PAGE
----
Sheridan at the Linleys, Margaret Isabel Dicksee (1899)
Richard and Elizabeth, Robert A. Sieczkiewicz
This angelic voice I hear is so sweet
Her great beauty exceeding every note
Which my waiting ears are happy to meet
In my heart her beauty willing to tote
By the many suitors she is adored
But none could ever love her any more
Willingly save her honor with my sword
Provide her needed peace on foreign shore
A wounded song bird with such painful strife
Come under my wing, again you will sing
The wondrous joy when we be man and wife
Happiness into your life I will bring
A few bars more to the end of the score
Then you and I, our love we will explore
Adolphe-Willem Bouguereau – The Shell (not dated)
The Shell, Robert A Sieczkiewicz
Put the shell to your ear, what do you hear?
Do you hear a rolling roar, is it clear?
Is it a big singing sea, is it near?
As if we were standing upon the pier?
There is more of a story to that roar.
Long ago when mariners first left their shore,
Seeking many treasures and fighting war,
But in their greed they wanted even more.
Wished to make a slave of the mighty sea.
In arms to seize Sirenum scopuli.
All the Sirens gagged were tied to a tree,
Nevermore their voices to be set free.
This sent Neptune into a royal rage.
He called for Gastropods of any age,
Their help to this vicious act to upstage.
With the mariners war he would engage.
In each he blew a magical sounding.
To mariners it would be resounding,
So powerful it was hypnotizing,
Doing deeds without ever surmising.
Gastropods cast their shells to the high tide
Naked they were they went elsewhere to hide
At low tide the mariners did abide
An ear to each shell now ready to ride
In their boats again to complete a task,
Under rigid trance not needing to ask.
Relieve each of the Sirens from her mask,
Thus each now able to the shore to bask.
Millenniums have passed since that event.
Mariners don’t remember being sent.
Never required by Neptune to repent,
But he shall never forget its portent.
The shells now have lost most of their power,
But like flowers in the rolling bower,
Many hearts they do easily capture,
Putting minds into a state of rapture.
Ephemeral Joy, Charles Edward Perugini (nd)
Ephemeral Joy, Robert A Sieczkiewicz
Tell me, what words from my love do you bring?
Does he sing of me as I do of he?
O my heart does quicken when he does sing,
I pray that he shall come soonest to me.
Please stay while I wait for his arrival,
For my heart goes still if he is not near.
Our secret, do I have any rival?
That being this tender heart’s biggest fear.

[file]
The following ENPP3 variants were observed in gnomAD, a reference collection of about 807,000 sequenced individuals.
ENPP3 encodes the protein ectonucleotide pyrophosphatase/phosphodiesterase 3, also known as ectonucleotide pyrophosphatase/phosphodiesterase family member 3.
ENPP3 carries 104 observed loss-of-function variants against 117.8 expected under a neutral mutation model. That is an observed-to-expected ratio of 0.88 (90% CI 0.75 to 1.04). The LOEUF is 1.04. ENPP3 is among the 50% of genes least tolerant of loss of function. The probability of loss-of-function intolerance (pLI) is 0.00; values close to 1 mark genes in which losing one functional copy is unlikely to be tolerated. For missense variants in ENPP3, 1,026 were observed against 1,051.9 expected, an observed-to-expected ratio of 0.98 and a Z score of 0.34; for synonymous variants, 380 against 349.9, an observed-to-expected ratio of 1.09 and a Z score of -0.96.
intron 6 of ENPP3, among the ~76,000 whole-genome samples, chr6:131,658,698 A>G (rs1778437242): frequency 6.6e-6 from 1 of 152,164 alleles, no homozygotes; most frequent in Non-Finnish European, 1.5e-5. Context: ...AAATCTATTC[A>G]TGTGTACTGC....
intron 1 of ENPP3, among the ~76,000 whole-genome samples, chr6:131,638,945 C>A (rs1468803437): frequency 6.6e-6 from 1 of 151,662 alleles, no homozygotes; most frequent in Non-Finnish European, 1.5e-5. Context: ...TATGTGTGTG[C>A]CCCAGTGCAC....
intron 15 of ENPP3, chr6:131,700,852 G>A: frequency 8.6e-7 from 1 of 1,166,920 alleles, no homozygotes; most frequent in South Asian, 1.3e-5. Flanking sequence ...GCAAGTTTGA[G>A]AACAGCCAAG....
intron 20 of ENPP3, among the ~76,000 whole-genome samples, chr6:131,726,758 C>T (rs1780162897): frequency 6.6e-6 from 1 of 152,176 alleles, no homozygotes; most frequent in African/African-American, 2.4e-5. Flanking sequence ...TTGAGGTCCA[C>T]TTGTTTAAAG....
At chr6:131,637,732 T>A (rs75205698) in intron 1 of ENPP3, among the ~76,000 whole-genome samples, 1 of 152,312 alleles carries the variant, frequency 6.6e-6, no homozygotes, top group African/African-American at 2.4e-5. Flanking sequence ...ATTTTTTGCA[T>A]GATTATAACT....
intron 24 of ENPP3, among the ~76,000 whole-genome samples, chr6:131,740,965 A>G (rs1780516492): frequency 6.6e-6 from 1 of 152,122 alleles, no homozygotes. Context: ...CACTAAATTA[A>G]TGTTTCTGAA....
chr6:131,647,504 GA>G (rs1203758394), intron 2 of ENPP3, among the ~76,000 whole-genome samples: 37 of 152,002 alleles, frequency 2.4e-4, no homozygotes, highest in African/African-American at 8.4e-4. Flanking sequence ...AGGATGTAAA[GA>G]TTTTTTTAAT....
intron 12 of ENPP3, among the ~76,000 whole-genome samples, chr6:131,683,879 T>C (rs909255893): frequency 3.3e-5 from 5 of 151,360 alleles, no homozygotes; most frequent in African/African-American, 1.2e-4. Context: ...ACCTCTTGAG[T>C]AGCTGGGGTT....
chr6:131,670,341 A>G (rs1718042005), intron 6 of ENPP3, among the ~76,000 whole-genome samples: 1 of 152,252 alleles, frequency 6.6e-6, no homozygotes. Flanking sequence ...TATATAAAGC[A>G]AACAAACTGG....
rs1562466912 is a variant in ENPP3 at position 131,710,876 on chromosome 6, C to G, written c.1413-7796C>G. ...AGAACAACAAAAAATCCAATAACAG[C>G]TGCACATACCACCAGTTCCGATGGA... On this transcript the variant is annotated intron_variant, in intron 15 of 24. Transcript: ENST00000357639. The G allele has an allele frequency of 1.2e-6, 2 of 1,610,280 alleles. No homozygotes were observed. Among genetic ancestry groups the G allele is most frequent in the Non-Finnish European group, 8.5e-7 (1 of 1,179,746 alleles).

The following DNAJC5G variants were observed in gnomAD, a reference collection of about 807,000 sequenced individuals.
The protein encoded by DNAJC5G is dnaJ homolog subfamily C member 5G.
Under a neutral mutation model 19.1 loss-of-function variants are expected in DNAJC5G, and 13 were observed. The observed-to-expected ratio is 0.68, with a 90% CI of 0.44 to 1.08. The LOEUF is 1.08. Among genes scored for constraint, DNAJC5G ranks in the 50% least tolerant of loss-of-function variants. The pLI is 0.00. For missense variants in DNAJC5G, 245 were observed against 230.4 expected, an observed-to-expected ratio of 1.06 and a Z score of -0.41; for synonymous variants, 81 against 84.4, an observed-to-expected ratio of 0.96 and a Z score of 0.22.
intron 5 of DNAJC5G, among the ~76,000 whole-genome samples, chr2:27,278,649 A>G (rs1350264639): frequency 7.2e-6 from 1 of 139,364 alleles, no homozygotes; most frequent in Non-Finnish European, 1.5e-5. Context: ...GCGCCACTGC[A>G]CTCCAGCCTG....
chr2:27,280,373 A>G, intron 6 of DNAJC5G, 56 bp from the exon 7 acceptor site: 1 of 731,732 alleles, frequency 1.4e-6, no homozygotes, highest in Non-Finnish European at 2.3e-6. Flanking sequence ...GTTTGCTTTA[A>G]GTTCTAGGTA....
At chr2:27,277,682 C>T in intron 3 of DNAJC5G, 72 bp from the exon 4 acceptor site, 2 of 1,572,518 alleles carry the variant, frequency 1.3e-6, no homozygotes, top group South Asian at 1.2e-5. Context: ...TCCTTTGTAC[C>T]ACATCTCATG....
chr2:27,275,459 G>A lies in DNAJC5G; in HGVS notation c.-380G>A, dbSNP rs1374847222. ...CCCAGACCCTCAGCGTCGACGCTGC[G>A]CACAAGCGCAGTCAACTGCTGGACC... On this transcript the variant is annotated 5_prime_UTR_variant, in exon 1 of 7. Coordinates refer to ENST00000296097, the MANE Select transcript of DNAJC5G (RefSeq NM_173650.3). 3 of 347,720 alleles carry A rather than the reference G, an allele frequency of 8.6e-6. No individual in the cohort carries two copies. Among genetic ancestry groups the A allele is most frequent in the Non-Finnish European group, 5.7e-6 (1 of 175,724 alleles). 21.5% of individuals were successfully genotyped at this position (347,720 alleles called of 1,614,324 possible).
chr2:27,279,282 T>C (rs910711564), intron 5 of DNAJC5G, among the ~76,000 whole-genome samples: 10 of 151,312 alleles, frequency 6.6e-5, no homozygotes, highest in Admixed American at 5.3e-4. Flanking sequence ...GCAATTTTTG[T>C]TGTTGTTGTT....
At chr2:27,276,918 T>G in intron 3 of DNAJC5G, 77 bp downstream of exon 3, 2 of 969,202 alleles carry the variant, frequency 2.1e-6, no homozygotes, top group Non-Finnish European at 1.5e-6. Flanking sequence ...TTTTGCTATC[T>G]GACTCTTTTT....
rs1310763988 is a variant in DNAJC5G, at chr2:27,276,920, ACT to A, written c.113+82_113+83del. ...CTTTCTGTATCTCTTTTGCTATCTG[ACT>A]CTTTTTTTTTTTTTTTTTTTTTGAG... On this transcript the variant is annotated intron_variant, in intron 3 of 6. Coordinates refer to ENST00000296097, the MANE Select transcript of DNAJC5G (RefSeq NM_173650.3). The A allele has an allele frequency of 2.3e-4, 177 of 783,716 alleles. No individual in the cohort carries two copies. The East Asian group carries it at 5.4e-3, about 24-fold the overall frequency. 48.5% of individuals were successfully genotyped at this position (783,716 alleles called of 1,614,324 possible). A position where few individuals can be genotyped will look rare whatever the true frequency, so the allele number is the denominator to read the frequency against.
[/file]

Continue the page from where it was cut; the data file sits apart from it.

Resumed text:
Thinking of love keeps my mind so busy,
Often everyday chores never get done,
Simmering this heart shall not be my plea,
Instead be my wish this love to burgeon.
The power of love when two hearts collide,
A feeling no great’r to carry inside.
Rest, Vilhelm Hammershoi (1905)
Love’s Challenge, Robert A Sieczkiewicz
In this chair I sit not so far from you,
Almost able with fingers I could touch.
The softness of you is within my view,
O so eager to have you in my clutch.
Is it not better sitting face to face,
So the beauty of your eyes I may see,
And the allure of your face I may trace.
Is it possible my desire to be?
In this moment must my heart be content,
To wallow in memories made to share?
Do not know of any need to repent,
Nor wish your response be a silent stare.
Great love for you comes not without its cost,
All I’ll bear for without you I’d be lost.
Reading Woman by a Piano, Vihelm Hammershoi (1907)
Reading Woman by a Piano, Robert A Sieczkiewicz
Love poems that I read instill me more.
Still waiting your special knock on my door.
Bearing the absence of one I adore.
O come, pluck the strings softly, I implore.
Do lovingly what you have done before,
With every note you’d play my heart did soar.
Come quickly, come quickly play an encore,
As I danced, your music was all I wore.
Your music more precious than any ore.
Come quick, so I may dance upon the floor,
A new step wish eagerly to explore,
Because my solemn heart great love will pour.
Not to be sad ’till you come, I’m foreswore,
For it’s you I shall love forevermore.
La Fenaison, Julien Dupre (1884)
Haymaking, Robert A Sieczkiewicz
Smelling the new mowed hay forever stays,
In your heart and your soul in many ways.
Body fatigued from the ever long days,
Dissolved by beautiful songs of great praise.
Her joyous voice that of a meadow lark,
Shall sing her praise until it’s nearly dark,
For such a bounty from earth’s matriarch,
Who has shown to be her greatest bulwark.
Looking around at the work that’s been done,
The land given its hay is now barren.
This season shall see no further action,
The wonder of it all makes me chasten.
To be connected to this hallowed earth,
Brings with every season thankful rebirth.